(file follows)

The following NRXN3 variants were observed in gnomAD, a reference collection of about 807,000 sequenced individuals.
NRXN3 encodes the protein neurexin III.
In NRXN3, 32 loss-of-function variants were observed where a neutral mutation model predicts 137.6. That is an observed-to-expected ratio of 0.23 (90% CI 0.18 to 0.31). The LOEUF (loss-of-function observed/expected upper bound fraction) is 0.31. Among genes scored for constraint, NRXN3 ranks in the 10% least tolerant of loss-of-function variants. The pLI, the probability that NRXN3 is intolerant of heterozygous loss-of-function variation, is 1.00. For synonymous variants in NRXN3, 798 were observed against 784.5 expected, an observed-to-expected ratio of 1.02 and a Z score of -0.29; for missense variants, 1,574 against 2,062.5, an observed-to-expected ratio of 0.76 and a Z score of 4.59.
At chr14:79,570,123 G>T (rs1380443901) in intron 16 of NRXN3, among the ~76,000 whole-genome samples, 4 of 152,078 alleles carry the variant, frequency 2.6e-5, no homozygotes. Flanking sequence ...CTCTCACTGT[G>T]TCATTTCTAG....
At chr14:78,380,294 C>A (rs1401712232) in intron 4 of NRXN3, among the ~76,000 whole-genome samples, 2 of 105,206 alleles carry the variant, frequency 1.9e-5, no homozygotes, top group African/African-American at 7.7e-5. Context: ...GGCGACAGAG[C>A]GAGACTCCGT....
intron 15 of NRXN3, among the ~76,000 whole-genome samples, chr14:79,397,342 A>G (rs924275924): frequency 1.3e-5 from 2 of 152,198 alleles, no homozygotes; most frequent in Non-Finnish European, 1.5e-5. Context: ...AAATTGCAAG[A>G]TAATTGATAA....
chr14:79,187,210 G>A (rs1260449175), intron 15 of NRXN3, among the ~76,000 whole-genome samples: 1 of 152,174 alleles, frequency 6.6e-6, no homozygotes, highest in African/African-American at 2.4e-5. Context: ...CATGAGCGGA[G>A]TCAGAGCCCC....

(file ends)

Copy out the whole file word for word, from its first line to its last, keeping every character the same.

The following NRXN3 variants were observed in gnomAD, a reference collection of about 807,000 sequenced individuals.
NRXN3 encodes the protein neurexin III.
In NRXN3, 32 loss-of-function variants were observed where a neutral mutation model predicts 137.6. That is an observed-to-expected ratio of 0.23 (90% CI 0.18 to 0.31). The LOEUF (loss-of-function observed/expected upper bound fraction) is 0.31. Among genes scored for constraint, NRXN3 ranks in the 10% least tolerant of loss-of-function variants. The pLI, the probability that NRXN3 is intolerant of heterozygous loss-of-function variation, is 1.00. For synonymous variants in NRXN3, 798 were observed against 784.5 expected, an observed-to-expected ratio of 1.02 and a Z score of -0.29; for missense variants, 1,574 against 2,062.5, an observed-to-expected ratio of 0.76 and a Z score of 4.59.
At chr14:79,570,123 G>T (rs1380443901) in intron 16 of NRXN3, among the ~76,000 whole-genome samples, 4 of 152,078 alleles carry the variant, frequency 2.6e-5, no homozygotes. Flanking sequence ...CTCTCACTGT[G>T]TCATTTCTAG....
At chr14:78,380,294 C>A (rs1401712232) in intron 4 of NRXN3, among the ~76,000 whole-genome samples, 2 of 105,206 alleles carry the variant, frequency 1.9e-5, no homozygotes, top group African/African-American at 7.7e-5. Context: ...GGCGACAGAG[C>A]GAGACTCCGT....
intron 15 of NRXN3, among the ~76,000 whole-genome samples, chr14:79,397,342 A>G (rs924275924): frequency 1.3e-5 from 2 of 152,198 alleles, no homozygotes; most frequent in Non-Finnish European, 1.5e-5. Context: ...AAATTGCAAG[A>G]TAATTGATAA....
chr14:79,187,210 G>A (rs1260449175), intron 15 of NRXN3, among the ~76,000 whole-genome samples: 1 of 152,174 alleles, frequency 6.6e-6, no homozygotes, highest in African/African-American at 2.4e-5. Context: ...CATGAGCGGA[G>A]TCAGAGCCCC....